Happy Canada Day! Today I wanted to talk about diversity. This morning I had to be at the hospital for my day 2 ultrasound. The waiting room was packed as soon as I walked in and I was 10 minutes early, so I was surprised that I wasn’t the first. That made me realize that all of us, despite how different we are on the outside, are the same on the inside. We are all there because we want to have a child but for some reason, all different reasons, cannot do it naturally.
As I looked around the room I saw so many different races, body types, ‘looks’, age and sexual orientation and I loved it. We are a country built by diversity and physically we are all different, but inside we are all the same. It doesn’t matter how much money you have or how healthy you are or how thin or large you are – when it comes to infertility, it can affect anyone.
I ended up having a discussion with a girl next to me while we waited. The whole day was a bit disruptive. The couple ahead of us lost their health card somewhere, somehow and we were all helping them look for it. This issue caused the process to be put on hold and we had to wait a little longer than normal. Those types of situation prompt conversations and interactions with other people, which I find interesting. In fact there was an article posted in the New York times stating that human interactions was key to living a long life (NYTimes Article). Because the couple needed in the change room to look for their missing health card, the lovely woman next to me made a joke that she was in no rush to get prodded this morning and we all laughed. I took this opportunity to speak to her about this whole process and how insane it really is.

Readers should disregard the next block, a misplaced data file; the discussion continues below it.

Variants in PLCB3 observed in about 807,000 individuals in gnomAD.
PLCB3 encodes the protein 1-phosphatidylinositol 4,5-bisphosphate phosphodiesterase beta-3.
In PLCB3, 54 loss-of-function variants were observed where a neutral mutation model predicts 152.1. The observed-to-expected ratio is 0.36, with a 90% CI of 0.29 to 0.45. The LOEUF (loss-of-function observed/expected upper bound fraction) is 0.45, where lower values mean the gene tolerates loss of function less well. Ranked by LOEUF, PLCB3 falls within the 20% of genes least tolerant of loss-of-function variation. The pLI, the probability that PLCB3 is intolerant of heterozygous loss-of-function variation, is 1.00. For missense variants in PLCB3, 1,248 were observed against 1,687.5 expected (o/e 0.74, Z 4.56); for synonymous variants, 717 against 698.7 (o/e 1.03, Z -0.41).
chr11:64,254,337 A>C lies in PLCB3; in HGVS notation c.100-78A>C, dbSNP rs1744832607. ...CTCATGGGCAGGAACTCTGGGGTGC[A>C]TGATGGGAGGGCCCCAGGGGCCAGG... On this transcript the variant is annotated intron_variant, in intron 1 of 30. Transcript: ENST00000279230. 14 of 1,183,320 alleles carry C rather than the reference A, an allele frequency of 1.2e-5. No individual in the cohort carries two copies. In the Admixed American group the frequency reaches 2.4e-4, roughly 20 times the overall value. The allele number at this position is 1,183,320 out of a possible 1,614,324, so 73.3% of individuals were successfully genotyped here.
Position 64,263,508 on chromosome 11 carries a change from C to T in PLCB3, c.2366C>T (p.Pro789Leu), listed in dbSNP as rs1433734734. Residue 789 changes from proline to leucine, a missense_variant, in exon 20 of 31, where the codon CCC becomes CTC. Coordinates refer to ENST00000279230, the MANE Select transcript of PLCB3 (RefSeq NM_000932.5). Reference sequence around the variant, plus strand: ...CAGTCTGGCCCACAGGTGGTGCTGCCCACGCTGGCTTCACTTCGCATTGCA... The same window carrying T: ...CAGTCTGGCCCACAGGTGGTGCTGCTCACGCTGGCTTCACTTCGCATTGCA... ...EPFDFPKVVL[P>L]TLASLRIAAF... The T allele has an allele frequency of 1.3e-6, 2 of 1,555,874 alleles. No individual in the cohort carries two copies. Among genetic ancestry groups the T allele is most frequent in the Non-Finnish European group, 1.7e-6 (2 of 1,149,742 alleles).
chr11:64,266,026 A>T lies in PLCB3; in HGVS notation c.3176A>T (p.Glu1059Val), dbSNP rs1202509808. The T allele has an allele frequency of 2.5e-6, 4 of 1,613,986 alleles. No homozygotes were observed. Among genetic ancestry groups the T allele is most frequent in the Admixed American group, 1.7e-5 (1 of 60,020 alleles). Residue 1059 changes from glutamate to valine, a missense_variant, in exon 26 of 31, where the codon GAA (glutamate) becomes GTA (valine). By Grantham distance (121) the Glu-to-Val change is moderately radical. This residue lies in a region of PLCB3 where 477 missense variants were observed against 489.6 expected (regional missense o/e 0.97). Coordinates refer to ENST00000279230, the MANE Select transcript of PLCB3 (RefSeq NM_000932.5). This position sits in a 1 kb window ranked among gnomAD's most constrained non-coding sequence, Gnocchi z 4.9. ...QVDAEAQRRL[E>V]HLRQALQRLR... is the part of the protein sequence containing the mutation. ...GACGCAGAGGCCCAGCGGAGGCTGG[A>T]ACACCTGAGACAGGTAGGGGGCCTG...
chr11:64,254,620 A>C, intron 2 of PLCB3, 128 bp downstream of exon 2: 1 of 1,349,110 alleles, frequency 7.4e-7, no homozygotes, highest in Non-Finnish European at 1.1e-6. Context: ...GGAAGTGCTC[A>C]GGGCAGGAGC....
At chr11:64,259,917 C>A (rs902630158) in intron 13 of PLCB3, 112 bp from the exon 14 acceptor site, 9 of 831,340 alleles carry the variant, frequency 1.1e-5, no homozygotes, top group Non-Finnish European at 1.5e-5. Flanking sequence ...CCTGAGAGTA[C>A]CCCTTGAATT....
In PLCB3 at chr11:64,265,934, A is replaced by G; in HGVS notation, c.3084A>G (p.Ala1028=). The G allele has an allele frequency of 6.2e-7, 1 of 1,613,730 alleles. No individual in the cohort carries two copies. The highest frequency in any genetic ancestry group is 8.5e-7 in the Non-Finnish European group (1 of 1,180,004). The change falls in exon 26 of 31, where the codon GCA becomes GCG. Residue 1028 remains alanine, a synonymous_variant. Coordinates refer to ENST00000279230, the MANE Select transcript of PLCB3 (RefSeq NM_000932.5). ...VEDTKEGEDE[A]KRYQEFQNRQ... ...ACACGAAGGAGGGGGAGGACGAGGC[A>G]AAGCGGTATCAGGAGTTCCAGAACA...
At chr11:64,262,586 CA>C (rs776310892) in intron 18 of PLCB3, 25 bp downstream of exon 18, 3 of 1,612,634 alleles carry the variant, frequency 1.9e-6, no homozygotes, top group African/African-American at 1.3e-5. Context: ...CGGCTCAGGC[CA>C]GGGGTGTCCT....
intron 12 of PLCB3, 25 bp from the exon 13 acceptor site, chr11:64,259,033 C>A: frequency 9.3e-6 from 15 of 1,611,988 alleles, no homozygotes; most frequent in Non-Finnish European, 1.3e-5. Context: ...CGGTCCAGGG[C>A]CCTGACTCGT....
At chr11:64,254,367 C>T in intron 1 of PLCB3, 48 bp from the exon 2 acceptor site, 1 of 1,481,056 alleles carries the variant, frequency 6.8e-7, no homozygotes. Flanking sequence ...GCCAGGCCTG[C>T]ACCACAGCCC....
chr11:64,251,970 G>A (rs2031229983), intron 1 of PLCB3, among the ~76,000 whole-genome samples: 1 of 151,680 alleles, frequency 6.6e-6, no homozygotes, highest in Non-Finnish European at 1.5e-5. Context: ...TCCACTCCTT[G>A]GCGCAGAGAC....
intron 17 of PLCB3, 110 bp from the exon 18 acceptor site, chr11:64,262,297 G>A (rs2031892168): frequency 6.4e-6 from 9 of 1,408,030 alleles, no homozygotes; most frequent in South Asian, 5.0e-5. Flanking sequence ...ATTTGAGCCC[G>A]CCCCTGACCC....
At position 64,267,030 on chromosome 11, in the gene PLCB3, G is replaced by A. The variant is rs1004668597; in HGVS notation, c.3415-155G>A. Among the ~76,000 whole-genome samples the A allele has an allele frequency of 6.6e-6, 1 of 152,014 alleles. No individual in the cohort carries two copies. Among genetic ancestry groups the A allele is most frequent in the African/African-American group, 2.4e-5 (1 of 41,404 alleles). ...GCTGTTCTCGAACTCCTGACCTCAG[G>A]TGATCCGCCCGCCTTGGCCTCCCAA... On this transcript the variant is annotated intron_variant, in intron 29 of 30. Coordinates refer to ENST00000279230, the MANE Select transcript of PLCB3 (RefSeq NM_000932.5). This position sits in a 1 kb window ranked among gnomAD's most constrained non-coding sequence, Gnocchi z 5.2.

Her situation is different than mine, although we are the same age, she was diagnosed with endometriosis at a young age and was told she’d never have kids. Now she’s going through the IVF process to try at least once to know that she did all that she could. Her last round was canceled because she didn’t produce any follicles on day 10. If you remember from my last round and why mine was canceled, it was the opposite – I had produced too many follicles and they were concerned with multiple births.
Another woman walked up as we were discussing our situations and told us this was her 3rd round of IUI and that she had gotten pregnant once with IUI but lost the fetus and tried 2 rounds of IVF and both were failures.
I think the biggest frustration I have with everything is that people assume because we are doing this that we will be successful. I want to remind everyone that that may not be. And we have to be okay with it. You don’t have to tell us it will happen, we know it might not and frankly, we are prepared for that.
A friend told me once, “before you enter the fertility process, you already have to grieve never having children”. And she is completely right. The positive in all this is that we have these amazing opportunities to help us now at least.